Referring now to the drawings I have shown therein a combination Washer-dryer 1 which is so constructed and arranged that it proceeds through a sequence of operations first washing the clothes placed therein and then drying them. During the drying portion of the machine operation the clothes are heated so as to extract moisture therefrom and this moisture is condensed by flowing a sheet of cold condenser water down a wall of the drying chamber. As will be explained hereinafter, by my invention I have provided in the machine 1 new and improved means whereby the condenser water is spread over the wall in a wide even sheet.

The machine 1 is of a horizontal axis type, that is, it includes a clothes basket 2 which is rotatable about a generally horizontal axis. The basket 2 is mounted within an outer imperforate tub 3 and the cylindrical side wall of the basket is provided with a plurality of perforations or holes to allow communication between the basket and the chamber 4 defined by the tub. The basket is rotatably supported from the tub 3 by a horizontally extending shaft 5 which is mounted in an elongated bearing 6 (Fig. 3) hung from the rear wall of the tub structure. The shaft 5 as well as supporting the basket 2 also serves to drive it during the operation of the machine. The basket is loaded and unloaded through an opening in the front wall thereof which is aligned respectively with openings in the tub 3 and the outer appearance cabinet 7 of the machine. A hinged door 8 mounted on the appearance cabinet seals around the tub opening so as to close off the chamber 4 during the operation of the machine.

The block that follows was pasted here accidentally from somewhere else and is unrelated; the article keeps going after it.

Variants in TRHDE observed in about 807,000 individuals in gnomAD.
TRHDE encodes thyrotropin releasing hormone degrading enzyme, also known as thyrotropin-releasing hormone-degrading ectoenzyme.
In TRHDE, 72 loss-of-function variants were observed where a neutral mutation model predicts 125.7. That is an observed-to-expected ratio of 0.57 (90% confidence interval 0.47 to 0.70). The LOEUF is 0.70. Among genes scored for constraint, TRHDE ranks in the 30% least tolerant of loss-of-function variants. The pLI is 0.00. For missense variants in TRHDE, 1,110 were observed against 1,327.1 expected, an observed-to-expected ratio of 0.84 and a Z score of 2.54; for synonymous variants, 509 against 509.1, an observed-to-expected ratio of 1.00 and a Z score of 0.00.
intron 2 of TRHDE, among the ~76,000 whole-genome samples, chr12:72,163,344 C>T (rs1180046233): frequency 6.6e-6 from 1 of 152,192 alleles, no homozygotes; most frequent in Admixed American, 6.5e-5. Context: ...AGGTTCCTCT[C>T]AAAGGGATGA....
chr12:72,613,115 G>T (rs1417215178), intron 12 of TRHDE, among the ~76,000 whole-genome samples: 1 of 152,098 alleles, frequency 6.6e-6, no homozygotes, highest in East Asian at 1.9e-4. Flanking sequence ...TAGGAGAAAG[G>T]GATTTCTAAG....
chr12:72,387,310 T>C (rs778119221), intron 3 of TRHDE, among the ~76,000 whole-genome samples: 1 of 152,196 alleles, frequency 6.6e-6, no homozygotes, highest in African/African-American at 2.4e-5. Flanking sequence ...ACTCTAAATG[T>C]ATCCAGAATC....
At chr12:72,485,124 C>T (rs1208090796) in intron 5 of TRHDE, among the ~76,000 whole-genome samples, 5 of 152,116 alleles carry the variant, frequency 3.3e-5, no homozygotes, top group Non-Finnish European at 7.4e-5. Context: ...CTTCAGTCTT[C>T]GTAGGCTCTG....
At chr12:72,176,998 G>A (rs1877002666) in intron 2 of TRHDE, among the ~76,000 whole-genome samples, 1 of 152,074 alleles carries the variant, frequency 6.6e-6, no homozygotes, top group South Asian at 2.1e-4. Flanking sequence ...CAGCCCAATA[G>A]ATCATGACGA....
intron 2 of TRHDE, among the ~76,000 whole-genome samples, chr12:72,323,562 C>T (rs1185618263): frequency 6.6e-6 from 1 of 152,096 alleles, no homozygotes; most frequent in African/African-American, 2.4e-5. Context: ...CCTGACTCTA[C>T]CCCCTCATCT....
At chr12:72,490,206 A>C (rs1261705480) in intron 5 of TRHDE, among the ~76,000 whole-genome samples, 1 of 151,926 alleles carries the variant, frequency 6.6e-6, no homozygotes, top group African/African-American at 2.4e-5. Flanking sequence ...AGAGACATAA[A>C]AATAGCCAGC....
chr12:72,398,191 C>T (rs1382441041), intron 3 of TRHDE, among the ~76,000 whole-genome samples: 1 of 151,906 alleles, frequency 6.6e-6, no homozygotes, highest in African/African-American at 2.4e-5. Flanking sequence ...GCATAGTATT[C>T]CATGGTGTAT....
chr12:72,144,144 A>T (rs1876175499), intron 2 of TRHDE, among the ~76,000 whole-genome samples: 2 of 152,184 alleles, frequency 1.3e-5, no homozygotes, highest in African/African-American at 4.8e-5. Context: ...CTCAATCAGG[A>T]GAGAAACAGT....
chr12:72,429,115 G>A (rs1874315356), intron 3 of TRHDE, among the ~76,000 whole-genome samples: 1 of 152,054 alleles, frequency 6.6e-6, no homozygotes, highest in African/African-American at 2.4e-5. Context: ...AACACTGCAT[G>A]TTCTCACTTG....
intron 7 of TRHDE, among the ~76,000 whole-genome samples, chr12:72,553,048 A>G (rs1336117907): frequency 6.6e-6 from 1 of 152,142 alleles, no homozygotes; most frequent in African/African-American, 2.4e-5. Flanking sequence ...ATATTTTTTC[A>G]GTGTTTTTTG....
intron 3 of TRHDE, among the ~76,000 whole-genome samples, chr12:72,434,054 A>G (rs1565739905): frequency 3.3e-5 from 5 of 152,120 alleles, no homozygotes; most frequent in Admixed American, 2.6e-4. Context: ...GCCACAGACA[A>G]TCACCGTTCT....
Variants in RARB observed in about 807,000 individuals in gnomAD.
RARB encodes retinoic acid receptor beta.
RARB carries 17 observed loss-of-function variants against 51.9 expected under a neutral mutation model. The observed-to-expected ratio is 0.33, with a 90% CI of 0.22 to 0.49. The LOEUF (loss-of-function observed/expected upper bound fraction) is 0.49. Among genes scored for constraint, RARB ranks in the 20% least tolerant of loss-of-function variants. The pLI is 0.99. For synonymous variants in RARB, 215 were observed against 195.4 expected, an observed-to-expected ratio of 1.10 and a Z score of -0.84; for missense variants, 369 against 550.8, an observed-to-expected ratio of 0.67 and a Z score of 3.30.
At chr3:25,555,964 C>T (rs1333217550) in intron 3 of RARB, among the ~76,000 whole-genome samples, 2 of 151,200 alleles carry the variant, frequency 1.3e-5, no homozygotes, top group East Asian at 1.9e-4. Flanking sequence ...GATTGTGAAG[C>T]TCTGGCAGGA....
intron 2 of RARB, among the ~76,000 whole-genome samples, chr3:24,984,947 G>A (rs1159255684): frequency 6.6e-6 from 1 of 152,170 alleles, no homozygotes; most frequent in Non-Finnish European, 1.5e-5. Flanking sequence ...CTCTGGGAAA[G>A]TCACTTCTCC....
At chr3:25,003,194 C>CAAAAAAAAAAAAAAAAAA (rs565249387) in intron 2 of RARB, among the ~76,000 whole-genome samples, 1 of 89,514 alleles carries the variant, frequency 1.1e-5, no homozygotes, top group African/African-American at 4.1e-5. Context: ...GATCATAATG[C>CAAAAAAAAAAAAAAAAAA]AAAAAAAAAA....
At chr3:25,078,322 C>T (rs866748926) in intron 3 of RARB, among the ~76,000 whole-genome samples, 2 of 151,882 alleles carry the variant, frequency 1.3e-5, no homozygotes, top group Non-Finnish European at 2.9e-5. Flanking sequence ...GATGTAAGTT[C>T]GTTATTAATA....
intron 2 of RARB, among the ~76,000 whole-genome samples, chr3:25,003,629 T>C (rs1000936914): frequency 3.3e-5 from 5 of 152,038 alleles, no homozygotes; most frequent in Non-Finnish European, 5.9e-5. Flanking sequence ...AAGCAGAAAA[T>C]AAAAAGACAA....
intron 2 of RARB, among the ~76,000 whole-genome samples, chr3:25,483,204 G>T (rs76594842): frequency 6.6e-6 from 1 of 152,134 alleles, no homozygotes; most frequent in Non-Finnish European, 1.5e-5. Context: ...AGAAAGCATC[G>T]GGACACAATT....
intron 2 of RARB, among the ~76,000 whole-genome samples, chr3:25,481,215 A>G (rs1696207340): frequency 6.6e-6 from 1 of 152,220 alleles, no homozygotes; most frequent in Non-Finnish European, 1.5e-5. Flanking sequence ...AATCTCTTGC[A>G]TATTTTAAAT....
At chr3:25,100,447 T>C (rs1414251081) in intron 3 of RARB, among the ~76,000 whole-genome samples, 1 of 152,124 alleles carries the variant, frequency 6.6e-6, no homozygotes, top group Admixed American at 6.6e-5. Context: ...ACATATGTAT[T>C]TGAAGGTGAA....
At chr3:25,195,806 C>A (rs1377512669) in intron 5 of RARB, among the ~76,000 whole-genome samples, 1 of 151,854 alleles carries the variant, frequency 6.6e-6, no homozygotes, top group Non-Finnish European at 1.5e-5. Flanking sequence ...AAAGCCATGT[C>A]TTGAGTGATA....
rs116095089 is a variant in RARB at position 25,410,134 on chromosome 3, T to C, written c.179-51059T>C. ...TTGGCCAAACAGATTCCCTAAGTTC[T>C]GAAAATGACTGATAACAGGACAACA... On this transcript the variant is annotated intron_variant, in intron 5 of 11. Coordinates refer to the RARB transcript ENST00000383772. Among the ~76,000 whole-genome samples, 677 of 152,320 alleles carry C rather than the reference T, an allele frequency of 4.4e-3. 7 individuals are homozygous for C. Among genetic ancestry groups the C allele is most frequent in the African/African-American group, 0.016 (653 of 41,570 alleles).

The imperforate tub or casing 3 and the appearance cabinet 7 are both mounted on a suitable base structure 9 at the bottom of the machine. The tub specifically is mounted thereon by means of a plurality of brackets or arms 10 which are secured to upstanding plates 11 fixedly attached on the base. In addition to the tub and the appearance cabinet, the base 9 also mounts the basket drive means. The drive means comprise a motor 12 and a multi-speed transmission 13 (see Fig. 1). The motor 12 drives the transmission assembly 13 by means of a belt 14 and the transmission assembly in turn drives the basket 2 through a belt 15. The belt 15 specifically turns a basket drive pulley 16 which is mounted on the outer end of the basket drive shaft 5. Transmission assembly 13 is shiftable between two different gear ratios so that the basket 2 may be driven at one speed for tumbling clothes and at a second or higher speed for centrifugally extracting water from the clothes. The clothes tumbling speed may, for example, be about 45 R. P. M. and the centrifugal extraction speed about 200 R. P. M. The means whereby the transmission is shifted between the lower and higher speeds preferably comprises a solenoid operated plunger (not shown).